The patient, aged 25, was a neurotic female. She has had scarlet fever, and had studied diligently for proficiency upon the piano from early life, and was subject to severe headaches since menses were established at 15. Her father died of tuberculosis; mother, of cancer of uterus. A sister had chorea; two sisters were exceedingly irritable.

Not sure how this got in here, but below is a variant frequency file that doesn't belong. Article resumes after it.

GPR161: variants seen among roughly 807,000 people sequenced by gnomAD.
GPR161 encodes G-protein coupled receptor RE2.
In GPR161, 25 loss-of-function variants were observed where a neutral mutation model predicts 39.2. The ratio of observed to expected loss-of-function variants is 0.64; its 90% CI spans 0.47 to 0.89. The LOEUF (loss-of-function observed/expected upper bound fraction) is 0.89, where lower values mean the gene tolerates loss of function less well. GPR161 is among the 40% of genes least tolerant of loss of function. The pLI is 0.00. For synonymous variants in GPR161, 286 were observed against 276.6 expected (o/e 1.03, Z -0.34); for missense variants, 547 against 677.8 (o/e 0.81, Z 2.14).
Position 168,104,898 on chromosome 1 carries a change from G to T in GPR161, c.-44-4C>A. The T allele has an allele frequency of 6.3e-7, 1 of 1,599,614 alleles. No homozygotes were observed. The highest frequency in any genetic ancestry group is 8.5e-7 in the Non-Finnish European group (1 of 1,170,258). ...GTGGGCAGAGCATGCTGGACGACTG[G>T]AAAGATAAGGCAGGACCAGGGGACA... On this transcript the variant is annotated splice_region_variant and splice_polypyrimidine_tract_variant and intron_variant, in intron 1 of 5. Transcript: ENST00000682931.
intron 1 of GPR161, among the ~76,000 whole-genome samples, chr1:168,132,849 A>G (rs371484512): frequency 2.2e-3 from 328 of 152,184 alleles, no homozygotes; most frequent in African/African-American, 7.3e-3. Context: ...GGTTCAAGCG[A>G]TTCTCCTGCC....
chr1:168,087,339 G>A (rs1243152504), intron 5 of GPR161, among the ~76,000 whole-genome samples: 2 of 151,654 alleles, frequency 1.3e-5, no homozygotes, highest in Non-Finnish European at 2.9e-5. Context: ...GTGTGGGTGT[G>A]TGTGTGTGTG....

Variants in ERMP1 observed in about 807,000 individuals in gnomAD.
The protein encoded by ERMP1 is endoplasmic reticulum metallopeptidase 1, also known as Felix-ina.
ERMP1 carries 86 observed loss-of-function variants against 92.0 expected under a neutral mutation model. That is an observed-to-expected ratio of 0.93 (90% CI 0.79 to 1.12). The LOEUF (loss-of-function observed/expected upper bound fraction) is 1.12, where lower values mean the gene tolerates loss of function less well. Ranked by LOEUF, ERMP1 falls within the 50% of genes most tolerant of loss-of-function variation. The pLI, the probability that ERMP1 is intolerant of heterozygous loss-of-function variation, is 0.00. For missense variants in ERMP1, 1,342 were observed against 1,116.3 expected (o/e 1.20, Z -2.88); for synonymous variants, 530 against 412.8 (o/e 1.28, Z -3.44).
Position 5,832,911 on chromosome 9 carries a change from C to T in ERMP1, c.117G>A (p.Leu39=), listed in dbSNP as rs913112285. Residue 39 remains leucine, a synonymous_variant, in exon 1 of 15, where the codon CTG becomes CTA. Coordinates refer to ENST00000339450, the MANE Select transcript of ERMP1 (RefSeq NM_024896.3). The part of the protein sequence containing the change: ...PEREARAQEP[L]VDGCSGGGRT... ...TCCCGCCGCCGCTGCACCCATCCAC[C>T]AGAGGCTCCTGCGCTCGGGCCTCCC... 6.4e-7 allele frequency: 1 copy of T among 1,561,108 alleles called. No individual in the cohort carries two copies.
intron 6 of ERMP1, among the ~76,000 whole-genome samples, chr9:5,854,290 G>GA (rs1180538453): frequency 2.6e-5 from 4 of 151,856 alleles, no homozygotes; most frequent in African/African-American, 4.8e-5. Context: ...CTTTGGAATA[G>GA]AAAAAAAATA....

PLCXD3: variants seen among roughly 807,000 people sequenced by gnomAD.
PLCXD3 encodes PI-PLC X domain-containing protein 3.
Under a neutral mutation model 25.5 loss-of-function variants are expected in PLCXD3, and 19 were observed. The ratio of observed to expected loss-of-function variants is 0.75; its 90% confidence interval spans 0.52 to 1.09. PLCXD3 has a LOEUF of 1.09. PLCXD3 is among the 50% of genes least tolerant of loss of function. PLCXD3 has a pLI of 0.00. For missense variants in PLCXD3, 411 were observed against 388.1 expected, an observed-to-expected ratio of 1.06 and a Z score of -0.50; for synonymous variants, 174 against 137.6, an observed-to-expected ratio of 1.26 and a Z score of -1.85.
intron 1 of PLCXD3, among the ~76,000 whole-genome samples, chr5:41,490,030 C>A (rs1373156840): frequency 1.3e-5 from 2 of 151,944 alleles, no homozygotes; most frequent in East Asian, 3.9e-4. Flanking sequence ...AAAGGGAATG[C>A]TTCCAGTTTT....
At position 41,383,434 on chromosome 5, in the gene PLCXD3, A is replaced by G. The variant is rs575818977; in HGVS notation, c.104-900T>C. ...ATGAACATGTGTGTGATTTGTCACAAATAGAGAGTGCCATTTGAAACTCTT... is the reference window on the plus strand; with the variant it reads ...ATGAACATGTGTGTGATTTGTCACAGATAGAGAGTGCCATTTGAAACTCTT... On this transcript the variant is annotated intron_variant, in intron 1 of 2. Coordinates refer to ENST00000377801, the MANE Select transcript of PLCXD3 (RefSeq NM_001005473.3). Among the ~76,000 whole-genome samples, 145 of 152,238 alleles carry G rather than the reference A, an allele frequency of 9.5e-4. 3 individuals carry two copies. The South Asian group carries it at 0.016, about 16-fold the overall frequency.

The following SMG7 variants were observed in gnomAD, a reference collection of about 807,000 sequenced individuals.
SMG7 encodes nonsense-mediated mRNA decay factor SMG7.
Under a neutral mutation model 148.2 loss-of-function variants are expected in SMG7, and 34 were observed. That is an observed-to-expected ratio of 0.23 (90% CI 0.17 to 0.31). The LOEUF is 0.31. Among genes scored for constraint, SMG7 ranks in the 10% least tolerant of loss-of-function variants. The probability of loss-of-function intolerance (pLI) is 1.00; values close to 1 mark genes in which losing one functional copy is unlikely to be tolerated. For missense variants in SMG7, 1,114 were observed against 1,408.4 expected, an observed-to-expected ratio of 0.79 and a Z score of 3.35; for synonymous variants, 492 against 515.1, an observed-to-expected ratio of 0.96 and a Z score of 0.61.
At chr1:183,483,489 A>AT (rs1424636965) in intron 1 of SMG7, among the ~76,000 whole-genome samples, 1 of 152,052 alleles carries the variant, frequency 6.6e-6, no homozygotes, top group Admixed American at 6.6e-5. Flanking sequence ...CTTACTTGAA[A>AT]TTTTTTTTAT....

She came under observation Jan. 14, 1902, complaining of gastric disturbances, headaches, languidness and general malaise. In about a week she said she was all right in regard to previous trouble, but complained of strange noises and delusions. She seemed conscious of these troubles and said she tried to avoid them, but found it impossible. She appeared then to be a neurasthenic of pronounced type. At that time her sister was told of the possibility of acute melancholia developing, which derangement occurred one week later. At the time of the melancholia developing, care was